infodioLeaks continues to provide some truly amazing leaks about corruption in Venezuela. One of the first questions ever asked to Derwick Associates, when it became known that it had been gifted 12 contracts in non-bidding processes, was to produce copy of said contracts. After all, Derwick was believed to be a Venezuelan private company, run by Venezuelans, that had been contracted by Venezuelan State's institutions, and that had been paid with Venezuelan public funds. To be certain, it is not illegal for a private company, either Venezuelan or otherwise, to contract with the State. What is extremely rare, and illegal, is for the Venezuelan State to be handing contracts without bidding, to companies without a track record, and when questioned on what / how had public funds been spent refuse to answer. That is exactly what happened to Cesar Batiz, the journalist who broke the mega corruption scandal involving Derwick Associates and BARIVEN (a PDVSA subsidiary) back in 2011. PDVSA is a State-owned corporation. By law, it is open to financial scrutiny, if and when such scrutiny occurs. Therefore, it can not excuse not revealing expenditure on the basis of contractual confidentiality agreements. There is nothing in Venezuela's body of legislation that allows any public institutions to, basically, reject accountability through appropriate mechanisms and do whatever it wants with public funds. For instance, when a journalist files a request for information on contracts signed by any given public institution, said institutions have to honour such requests. It is not a question of whether the institution wants to comply; it must, so long as public funds are at stake.
Batiz requests were never granted. When he contacted parties involved in the deal, they all gave the same answer: due to confidentiality clauses we can not reveal any information pertaining contracts. Now, thanks to a source and infodioLeaks, we know why:
As can be seen, third clause of Letter of Intent between BARIVEN and Derwick Associates S.A. forbids either party to reveal any information about the contract without the other party's written consent. What a beauty, isn't? BARIVEN, a subsidiary of PDVSA, gives a Panamanian fly-by-night represented by an Italian national the right to block publication of information pertaining to expenditure of State funds. Perhaps I'm wrong, but this could be a first. Derwick is given permission by BARIVEN to reveal contractual information solely to service providers: i.e. ProEnergy Services.
But what to make of fourth clause?
Controversies pertaining the contract shall be resolved between highest authorities related to each party. That is, Rafael Ramirez as CEO of PDVSA in the case of BARIVEN, and Leopoldo Alejandro Betancourt Lopez, described in the contract as an Italian national with sufficient powers to represent Panama-registered Derwick Associates. Breachs? Misuse of funds? Misappropriation? Failing to deliver on schedule? Misselling? Misrepresentation? Hundreds of millions of dollars at stake? All of that, and more, to be settled "amicably" between Ramirez and Betancourt, as agreed. There's a pattern here. In the contract for $172 million given to Cuba's ALBET, for provision of identification technology, there is a clause (14.1) that establishes similar conditions. Chavismo has surrendered Venezuela's jurisdiction, and the power of its courts, to settle disputes with the thugs with which it does business. If any one of them pulls a runner, there's absolutely nothing that ties legally breach of contracts. Isn't this a first too?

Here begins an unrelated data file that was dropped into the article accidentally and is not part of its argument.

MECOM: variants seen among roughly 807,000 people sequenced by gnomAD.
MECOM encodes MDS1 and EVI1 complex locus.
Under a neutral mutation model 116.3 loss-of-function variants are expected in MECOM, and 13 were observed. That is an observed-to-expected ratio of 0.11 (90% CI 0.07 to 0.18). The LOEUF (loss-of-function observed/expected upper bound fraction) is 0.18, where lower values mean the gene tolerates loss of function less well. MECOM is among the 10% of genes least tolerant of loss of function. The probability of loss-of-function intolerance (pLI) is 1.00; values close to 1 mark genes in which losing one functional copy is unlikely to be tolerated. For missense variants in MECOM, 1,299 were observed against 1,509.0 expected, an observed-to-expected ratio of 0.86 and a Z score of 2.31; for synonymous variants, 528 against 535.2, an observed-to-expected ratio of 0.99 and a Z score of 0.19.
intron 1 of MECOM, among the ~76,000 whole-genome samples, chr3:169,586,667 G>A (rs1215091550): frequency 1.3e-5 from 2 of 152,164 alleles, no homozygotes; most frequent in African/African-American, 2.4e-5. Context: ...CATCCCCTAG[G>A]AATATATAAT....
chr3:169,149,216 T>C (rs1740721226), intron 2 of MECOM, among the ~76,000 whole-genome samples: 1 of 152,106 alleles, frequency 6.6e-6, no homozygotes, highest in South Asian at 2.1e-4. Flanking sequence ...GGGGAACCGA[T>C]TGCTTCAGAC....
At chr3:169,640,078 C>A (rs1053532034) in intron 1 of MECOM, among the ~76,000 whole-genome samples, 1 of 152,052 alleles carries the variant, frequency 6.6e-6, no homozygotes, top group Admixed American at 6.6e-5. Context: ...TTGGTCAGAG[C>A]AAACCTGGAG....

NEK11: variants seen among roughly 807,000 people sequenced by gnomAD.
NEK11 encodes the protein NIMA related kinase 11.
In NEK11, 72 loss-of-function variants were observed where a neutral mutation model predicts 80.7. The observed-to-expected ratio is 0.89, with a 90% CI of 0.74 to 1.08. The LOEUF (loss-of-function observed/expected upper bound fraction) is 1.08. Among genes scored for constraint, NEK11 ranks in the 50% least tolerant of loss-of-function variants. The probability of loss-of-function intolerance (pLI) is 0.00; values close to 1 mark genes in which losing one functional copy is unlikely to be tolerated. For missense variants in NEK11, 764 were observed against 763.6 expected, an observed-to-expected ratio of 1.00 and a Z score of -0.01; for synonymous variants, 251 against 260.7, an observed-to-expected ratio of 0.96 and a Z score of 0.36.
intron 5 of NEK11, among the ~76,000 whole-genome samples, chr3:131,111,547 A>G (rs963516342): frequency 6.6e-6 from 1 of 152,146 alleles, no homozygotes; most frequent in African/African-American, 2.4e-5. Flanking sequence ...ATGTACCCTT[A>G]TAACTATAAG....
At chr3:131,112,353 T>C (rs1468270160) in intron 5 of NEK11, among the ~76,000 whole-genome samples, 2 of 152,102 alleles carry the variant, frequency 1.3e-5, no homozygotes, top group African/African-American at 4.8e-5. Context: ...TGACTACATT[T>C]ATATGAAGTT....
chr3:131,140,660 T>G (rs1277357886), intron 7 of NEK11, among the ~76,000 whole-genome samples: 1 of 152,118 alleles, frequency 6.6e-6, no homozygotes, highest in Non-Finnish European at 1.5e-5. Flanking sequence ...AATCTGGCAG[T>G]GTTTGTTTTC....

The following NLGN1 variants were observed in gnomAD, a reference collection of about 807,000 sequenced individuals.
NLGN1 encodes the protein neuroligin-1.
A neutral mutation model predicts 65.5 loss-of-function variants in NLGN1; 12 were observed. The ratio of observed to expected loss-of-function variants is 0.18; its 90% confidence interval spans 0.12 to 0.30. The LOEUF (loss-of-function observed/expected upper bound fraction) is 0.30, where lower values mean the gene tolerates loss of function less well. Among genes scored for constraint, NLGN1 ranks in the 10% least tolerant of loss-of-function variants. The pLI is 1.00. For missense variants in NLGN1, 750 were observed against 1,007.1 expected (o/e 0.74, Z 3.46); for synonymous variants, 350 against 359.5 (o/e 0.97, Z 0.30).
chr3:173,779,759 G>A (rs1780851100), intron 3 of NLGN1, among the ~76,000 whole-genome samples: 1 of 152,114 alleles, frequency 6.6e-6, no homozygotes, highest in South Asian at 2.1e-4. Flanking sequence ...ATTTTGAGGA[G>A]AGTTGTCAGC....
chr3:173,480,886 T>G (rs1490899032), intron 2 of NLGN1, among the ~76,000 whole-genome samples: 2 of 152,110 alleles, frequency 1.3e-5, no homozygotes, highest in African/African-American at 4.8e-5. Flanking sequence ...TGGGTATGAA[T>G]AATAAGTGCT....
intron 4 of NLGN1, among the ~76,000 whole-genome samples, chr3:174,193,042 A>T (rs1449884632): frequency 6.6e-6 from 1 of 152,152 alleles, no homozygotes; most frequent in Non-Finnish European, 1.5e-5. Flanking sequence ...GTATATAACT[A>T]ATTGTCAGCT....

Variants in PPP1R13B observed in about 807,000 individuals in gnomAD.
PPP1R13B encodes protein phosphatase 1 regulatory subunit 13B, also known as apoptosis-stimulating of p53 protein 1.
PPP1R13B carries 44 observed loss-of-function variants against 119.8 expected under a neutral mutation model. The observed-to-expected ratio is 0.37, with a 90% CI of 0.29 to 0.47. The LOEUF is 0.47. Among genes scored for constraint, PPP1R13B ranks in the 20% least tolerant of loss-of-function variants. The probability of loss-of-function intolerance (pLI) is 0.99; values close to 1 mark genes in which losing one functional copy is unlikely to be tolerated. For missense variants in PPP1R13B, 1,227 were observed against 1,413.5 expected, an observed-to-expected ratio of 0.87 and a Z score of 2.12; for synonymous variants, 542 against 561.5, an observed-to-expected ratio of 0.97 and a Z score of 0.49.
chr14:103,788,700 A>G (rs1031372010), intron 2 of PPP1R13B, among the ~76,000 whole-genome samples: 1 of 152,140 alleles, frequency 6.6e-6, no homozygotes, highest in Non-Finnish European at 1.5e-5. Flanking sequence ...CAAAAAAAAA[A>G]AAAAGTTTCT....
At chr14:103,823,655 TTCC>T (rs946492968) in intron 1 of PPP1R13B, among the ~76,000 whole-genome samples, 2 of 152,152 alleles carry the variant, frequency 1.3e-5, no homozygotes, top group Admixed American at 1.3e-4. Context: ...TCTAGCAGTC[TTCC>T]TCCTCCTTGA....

The object of the contract is the possible acquisition, by BARIVEN from Derwick Associates S.A., of equipment described as follows:
- Two Pratt & Whitney turbo-generators (50 MW);
- Four GE TM 2500 turbo-generators (22 MW );
- Four Rolls Royce Trent 60 turbo-generators (58 MW);
- One GE LM 2500 turbo-generator (22 MW);
- Two GE LM 6000 turbo-generators (48 MW);
- Two GE Frame 7E-A turbo-generators (84.4 MW);
- Three GE Frame 7F turbo-generators (170 MW).
The combined power generation of the equipment described above is 1,216.8 MW. The contracting party is BARIVEN, PDVSA and its subsidiaries. Now let's head either to Derwick Associates' ad page in Wikipedia, or to this puff piece put out by Europa Press, to contrast previous back of the envelope calculation, with claims made by Derwick related to "executed" projects: 1,216 MW. In addition to previously leaked invoices, I think this is pretty good corroboration of veracity of leaked contract, which can be seen in full below. The contract was signed in Caracas, on 30 November 2009, roughly one month after Derwick Associates registered as a company in Venezuela. It's Panama-registered namesake was registered in 2003, but had not won a single contract, anywhere.